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InfoQ Homepage News Google Announces Task Queue Service Cloud Tasks

Google Announces Task Queue Service Cloud Tasks

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Google has announced Cloud Tasks, a task queue service for Google Cloud Platform's App Engine, the web framework and fully managed cloud computing platform. Cloud Tasks enables asynchronous execution of tasks from applications, decoupling services and supporting the implementation of long-running and background activities.

With Google Cloud Tasks, applications can place tasks, pieces of work defined by an application developer, on a distributed queue which then pushes these to worker services. The concept of task queues is a proven one provided by all the large cloud providers like AWS with SQS and Azure with Service Bus. Actually, Cloud Tasks is an advancement of Google's Task Queue service, which also provided this same concept. With this announcement, management of all existing and new task queues are consolidated under Cloud Tasks, as explained in the announcement by Morgan Hallmon, product manager on Google Cloud Platform:

For many years, App Engine customers have leveraged Task Queue, an App Engine service that enables asynchronous task execution. With today's release, all management of task queues is now centralized in the Cloud Tasks console, command line and API.

There are several advantages to the use of task queues, like making systems loosely coupled, offloading of work to background services, and improving reliability by providing storage of tasks passed between systems.

Source: https://en.wikipedia.org/wiki/Scheduling_(computing)#task_queue

Initially, Cloud Tasks may appear to have much overlap with Google's other queueing service Pub/Sub. While similarities are noticeable, the use cases between the two do certainly differ. Google positions Pub/Sub as a service focused on big data and network operations, providing high throughput while remaining agnostic to content and target applications. On the other hand, Cloud Tasks provides a managed execution product, handling many explicit commands, which specific background workers then process.

Moreover, unlike Task Queues which only had limited incorporation in Google Cloud Platform, Cloud Tasks will integrate into the whole spectrum of GCP services. The documentation around Cloud Tasks describes typical use cases to include speeding up the user's experience, providing durability during incidents, and smoothing out traffic spikes.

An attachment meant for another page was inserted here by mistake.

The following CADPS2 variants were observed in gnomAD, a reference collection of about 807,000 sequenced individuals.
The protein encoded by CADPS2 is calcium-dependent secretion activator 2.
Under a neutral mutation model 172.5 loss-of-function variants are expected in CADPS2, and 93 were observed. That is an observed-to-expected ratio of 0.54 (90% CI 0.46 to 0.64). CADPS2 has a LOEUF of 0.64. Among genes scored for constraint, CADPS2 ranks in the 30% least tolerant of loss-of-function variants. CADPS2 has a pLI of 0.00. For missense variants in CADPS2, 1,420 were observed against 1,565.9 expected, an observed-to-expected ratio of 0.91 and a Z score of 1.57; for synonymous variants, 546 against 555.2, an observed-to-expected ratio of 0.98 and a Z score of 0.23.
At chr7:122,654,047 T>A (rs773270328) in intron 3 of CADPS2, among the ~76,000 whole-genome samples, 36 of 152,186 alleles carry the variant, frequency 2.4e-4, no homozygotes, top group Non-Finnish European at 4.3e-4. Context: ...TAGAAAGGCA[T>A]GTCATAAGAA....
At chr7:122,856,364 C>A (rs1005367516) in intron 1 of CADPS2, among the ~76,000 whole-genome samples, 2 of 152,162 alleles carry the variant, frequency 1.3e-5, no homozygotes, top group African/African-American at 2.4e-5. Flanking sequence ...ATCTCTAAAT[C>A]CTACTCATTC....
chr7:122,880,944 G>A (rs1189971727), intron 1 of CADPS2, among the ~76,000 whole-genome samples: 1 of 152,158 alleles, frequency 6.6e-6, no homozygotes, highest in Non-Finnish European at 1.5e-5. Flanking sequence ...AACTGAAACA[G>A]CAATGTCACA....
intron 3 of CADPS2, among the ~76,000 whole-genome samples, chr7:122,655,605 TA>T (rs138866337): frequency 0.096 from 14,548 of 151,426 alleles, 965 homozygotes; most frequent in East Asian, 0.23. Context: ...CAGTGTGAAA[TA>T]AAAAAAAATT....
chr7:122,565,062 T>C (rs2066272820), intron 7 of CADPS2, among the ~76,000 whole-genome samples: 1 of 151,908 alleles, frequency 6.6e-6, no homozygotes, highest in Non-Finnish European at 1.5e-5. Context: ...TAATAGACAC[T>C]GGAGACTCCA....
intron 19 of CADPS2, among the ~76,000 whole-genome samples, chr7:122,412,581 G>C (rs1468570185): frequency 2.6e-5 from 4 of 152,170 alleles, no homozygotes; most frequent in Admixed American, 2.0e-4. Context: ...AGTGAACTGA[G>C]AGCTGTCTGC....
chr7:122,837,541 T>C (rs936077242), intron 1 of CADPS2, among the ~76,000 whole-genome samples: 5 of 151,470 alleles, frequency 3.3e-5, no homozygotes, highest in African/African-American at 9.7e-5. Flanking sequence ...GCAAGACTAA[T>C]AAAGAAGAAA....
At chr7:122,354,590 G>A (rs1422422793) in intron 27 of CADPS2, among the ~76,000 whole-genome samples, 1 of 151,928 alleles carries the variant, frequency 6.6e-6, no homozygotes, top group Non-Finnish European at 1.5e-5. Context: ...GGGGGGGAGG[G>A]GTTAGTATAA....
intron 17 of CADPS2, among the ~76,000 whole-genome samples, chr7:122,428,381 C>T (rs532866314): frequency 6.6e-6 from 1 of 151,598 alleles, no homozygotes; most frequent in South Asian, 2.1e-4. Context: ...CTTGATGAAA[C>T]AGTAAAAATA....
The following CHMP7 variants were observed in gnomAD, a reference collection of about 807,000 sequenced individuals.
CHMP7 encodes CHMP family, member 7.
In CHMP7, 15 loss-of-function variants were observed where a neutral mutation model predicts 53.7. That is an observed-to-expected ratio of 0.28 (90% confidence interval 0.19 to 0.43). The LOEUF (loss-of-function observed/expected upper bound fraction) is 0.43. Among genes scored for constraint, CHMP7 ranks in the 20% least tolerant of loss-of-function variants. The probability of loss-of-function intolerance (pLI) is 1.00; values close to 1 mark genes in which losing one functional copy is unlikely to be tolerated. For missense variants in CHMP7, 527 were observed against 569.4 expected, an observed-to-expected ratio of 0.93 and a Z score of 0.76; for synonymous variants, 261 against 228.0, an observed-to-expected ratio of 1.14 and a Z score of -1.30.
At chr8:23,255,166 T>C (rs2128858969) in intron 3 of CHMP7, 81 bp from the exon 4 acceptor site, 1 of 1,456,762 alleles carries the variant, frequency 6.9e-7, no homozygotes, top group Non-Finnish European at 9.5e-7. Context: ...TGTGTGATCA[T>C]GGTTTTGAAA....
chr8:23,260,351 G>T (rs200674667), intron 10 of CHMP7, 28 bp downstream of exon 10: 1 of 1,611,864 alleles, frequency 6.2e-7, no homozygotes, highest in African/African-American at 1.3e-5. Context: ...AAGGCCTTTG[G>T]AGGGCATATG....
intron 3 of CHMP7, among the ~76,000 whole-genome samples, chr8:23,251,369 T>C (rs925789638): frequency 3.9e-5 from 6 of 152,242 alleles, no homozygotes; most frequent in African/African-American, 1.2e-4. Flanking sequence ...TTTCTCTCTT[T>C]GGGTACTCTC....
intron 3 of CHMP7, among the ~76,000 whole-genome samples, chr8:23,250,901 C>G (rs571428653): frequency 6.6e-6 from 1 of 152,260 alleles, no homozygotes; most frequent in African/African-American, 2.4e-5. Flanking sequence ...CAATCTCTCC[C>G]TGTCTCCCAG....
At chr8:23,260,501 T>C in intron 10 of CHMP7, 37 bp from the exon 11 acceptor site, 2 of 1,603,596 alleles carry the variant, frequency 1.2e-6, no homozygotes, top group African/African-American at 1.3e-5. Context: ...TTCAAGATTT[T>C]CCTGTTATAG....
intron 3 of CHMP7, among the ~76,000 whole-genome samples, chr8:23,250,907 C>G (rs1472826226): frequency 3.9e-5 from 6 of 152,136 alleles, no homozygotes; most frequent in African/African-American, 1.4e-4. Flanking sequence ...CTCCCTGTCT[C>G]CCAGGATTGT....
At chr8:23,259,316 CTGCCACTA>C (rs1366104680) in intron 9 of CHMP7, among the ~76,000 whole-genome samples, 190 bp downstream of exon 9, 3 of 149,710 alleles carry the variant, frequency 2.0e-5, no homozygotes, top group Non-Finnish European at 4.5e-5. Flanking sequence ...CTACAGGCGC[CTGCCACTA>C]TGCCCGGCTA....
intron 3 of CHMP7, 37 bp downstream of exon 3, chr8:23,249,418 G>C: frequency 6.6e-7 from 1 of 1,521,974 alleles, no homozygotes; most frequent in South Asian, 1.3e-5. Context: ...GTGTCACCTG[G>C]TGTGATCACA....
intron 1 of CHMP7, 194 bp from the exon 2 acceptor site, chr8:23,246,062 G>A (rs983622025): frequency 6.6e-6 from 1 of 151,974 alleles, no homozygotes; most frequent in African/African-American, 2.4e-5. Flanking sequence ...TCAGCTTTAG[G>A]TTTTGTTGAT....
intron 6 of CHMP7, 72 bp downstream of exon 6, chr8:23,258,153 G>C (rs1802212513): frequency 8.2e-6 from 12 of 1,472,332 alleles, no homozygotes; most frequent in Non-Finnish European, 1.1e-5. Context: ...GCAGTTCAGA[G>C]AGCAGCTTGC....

• Speeding user response times by delegating potentially slow background operations like database updates to a worker
  • Preserving requests in the context of unexpected production incidents
  • Helping smooth traffic spikes by removing non-user-facing tasks from the main user flow

As Cloud Tasks is a managed service, it takes responsibility for provisioning and management of resources, allowing developers to focus on creating and the handling of the tasks. Furthermore, Cloud Tasks bases usage billing only on the actual execution time. Client libraries are provided by Google for several of the popular languages, like Java, Python, Node.js, PHP, and Go, while also giving the option to enqueue tasks through the REST API, allowing to add these from any application.

Source: https://cloud.google.com/blog/products/application-development/announcing-cloud-tasks-a-task-queue-service-for-app-engine-flex-and-second-generation-runtimes

Working with Cloud Tasks requires the execution of several steps. It all starts with creating the task queue. Once the creation of the queue completes, the application publishing the tasks pushes these to the queue, which then stores the messages and returns an OK. Subsequently, the Cloud Tasks service sends the task to a background worker application, which then processes it. Once the task processing finishes, the worker sends an OK as an HTTP status code between 200 and 299 back to the queue, which then deletes the task. Additionally, in case the worker does not finish processing in a timely fashion, Cloud Tasks will automatically send the tasks out again, providing retries and at least once delivery.

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